The BoT defines 2 trajectories for household debt
Proposals include fewer consumer loans
People discuss personal loans at a Money Expo held in Bitec in December. Household debt increased by around 5% in the first quarter of this year. (Photo by Somchai Poomlard)
A central bank economist predicts a crossroads for the country’s household debt over the next four years, rising to either 92.8% of GDP or 79.1%.
If Thai household debt increases to 1.2 times GDP, the average growth over the past five years, the country’s household debt will rise to 18.1 trillion baht or 92.8% of GDP by 2025, from $ 14 trillion in 2020 or 89.3 percent of GDP, said Don Nakornthab, senior director of the Bank of Thailand’s financial stability department.
If household debt increases sustainably by 2% per year on average, Thai household debt will reach 15.4 trillion baht or 79.1% of GDP by 2025.
He predicted that the country’s household debt in the first quarter of 2021 increased by about 5% year-on-year. In the fourth quarter of 2020, Thai household debt increased 3.9% year on year.
The Bank for International Settlements threshold recommends that a country’s household debt ratio should not exceed 85% of GDP.
According to central bank data for December 2020, the household debt burden was largely the result of credit cards and personal loans. The debt charge covering the principal and interest of these two unsecured loan products represents 58% of total consumer loans.
Mr. Don offers three options to reduce the country’s household debt and boost household incomes for the post-Covid era. The options include: restructuring the debt, discounting the debt and limiting the creation of new loans.
The central bank launched a debt restructuring program during the first wave of Covid-19 in March 2020.
A debt discount is an option under the third phase of the Bank of Thailand’s debt relief measures for auto loan borrowers on a case-by-case basis. The discount is offered to borrowers with a good payment record and limited debt following a car auction.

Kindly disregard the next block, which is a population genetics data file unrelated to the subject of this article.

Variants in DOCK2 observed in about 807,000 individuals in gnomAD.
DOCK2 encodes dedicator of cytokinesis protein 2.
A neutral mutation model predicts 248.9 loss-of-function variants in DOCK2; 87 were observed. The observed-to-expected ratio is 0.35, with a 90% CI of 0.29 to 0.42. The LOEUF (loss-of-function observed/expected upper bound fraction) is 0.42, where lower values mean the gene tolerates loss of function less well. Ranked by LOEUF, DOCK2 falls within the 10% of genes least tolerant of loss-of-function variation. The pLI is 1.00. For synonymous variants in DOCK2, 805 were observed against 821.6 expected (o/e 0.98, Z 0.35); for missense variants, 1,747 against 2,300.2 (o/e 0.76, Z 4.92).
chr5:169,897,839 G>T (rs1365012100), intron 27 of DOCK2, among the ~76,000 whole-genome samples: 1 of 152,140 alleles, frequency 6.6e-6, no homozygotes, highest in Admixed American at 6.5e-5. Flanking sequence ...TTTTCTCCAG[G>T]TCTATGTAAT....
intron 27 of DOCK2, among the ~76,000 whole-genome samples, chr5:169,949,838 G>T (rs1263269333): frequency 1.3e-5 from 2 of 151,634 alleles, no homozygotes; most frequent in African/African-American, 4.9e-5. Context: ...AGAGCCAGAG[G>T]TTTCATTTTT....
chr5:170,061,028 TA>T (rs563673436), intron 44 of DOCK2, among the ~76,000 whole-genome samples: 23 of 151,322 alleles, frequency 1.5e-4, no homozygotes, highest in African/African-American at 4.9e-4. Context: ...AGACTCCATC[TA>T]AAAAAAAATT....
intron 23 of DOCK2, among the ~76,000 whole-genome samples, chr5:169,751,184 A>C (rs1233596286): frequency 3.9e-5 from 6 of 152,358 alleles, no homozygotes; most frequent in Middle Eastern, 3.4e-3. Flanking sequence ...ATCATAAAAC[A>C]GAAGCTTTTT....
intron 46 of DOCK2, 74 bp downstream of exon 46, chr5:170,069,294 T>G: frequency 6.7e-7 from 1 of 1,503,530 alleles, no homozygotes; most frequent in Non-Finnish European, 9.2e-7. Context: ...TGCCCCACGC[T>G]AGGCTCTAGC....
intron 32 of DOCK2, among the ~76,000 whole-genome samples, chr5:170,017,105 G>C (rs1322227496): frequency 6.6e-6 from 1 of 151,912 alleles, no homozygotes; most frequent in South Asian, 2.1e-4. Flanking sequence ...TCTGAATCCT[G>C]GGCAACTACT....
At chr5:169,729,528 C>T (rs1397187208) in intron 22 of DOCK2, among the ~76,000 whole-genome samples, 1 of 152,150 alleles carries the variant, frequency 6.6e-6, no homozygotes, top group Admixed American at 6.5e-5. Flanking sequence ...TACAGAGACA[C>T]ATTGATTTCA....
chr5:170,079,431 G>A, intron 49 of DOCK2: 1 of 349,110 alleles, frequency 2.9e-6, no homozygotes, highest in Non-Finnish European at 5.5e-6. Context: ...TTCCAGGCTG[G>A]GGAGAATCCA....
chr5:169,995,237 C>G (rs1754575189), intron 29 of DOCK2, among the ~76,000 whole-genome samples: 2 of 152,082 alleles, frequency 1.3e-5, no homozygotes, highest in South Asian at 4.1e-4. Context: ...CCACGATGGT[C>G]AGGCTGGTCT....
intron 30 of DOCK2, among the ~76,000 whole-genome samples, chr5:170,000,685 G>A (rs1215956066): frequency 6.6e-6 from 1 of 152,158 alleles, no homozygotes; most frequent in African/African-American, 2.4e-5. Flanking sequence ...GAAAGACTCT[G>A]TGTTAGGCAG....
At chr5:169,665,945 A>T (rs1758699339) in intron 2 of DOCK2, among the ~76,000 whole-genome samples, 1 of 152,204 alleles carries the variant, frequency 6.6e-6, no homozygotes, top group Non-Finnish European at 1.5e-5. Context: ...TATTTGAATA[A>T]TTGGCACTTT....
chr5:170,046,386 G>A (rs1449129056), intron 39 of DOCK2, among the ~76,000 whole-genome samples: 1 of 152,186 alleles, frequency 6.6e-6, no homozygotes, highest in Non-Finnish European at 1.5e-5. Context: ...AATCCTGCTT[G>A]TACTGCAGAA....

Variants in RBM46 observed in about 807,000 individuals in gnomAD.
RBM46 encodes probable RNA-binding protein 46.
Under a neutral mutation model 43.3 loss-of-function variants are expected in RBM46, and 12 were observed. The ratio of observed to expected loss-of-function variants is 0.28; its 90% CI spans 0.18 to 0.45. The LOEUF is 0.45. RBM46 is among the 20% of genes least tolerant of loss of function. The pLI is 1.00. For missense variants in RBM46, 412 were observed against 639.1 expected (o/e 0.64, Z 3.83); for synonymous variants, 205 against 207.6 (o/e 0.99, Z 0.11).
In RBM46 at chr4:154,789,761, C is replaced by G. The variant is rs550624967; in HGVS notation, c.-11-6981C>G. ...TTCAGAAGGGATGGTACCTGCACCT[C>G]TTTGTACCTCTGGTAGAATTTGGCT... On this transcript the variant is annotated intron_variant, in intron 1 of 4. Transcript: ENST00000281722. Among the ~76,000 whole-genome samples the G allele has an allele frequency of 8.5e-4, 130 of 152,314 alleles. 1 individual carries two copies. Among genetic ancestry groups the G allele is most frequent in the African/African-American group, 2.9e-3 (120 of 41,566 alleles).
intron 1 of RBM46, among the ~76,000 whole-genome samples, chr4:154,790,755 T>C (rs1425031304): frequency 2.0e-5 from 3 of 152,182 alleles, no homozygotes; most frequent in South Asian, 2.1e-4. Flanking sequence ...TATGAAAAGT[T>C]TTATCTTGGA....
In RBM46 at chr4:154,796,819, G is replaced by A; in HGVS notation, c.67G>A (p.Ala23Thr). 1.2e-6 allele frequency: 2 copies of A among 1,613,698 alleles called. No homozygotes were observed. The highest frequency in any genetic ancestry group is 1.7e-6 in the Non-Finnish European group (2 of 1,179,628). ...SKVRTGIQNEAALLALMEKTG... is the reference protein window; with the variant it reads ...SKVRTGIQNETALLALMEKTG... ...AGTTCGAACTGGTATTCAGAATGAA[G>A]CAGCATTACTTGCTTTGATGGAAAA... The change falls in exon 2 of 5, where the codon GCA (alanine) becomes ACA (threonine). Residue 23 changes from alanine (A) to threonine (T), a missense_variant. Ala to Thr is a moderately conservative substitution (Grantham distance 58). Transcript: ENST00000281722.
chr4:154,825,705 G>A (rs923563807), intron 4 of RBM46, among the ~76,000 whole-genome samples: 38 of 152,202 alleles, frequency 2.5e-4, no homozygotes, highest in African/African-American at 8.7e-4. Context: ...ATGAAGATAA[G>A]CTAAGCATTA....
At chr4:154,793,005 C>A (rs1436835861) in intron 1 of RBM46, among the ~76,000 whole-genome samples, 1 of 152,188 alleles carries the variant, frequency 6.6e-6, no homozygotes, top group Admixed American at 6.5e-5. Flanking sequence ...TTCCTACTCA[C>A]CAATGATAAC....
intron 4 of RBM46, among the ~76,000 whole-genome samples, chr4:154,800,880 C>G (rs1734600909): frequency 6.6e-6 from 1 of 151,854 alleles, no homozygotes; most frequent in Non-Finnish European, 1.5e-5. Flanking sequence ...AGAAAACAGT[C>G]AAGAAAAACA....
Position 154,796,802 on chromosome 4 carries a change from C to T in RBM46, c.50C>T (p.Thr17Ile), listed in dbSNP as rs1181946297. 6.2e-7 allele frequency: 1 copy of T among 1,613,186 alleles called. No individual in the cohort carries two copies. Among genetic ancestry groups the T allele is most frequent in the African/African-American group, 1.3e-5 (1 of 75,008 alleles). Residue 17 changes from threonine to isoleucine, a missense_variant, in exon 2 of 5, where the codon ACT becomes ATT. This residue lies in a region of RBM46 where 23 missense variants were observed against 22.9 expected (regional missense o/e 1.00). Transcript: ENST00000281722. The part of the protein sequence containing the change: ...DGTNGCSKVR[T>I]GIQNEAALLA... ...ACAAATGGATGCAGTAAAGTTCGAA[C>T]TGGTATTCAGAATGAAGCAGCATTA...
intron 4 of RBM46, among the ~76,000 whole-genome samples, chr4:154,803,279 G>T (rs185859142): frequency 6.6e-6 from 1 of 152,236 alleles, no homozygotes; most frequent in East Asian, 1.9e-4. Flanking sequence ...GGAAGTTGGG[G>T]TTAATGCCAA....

“We must first pay attention to debt restructuring to help borrowing households overcome the crisis. In the post-Covid era, when the economy recovers, we must pay more attention to reducing debt. household debt as this is essential for long-term sustainable economic growth. run, “he said.
The slowdown in new consumer loans will be a key factor in reducing household debt in the post-Covid period, Don said. The central bank’s responsible lending policy supports financial institutions by reasonably increasing new loans.
Macroprudential measures through debt service ratio (DSR) control are another mechanism to limit the creation of new loans, especially for credit cards and personal loans, he said.
“We can improve the DSR of the entire financial system by limiting credit cards for borrowers or reducing the lines of credit offered for personal loans. Several central banks in the region oversee unsecured loan products with such measures, âDon said.
Data from the National Statistics Office revealed that the DSR of the local financial system is 40% on average. However, central bank data from a report on financial institutions revealed that the ratio exceeds 40%.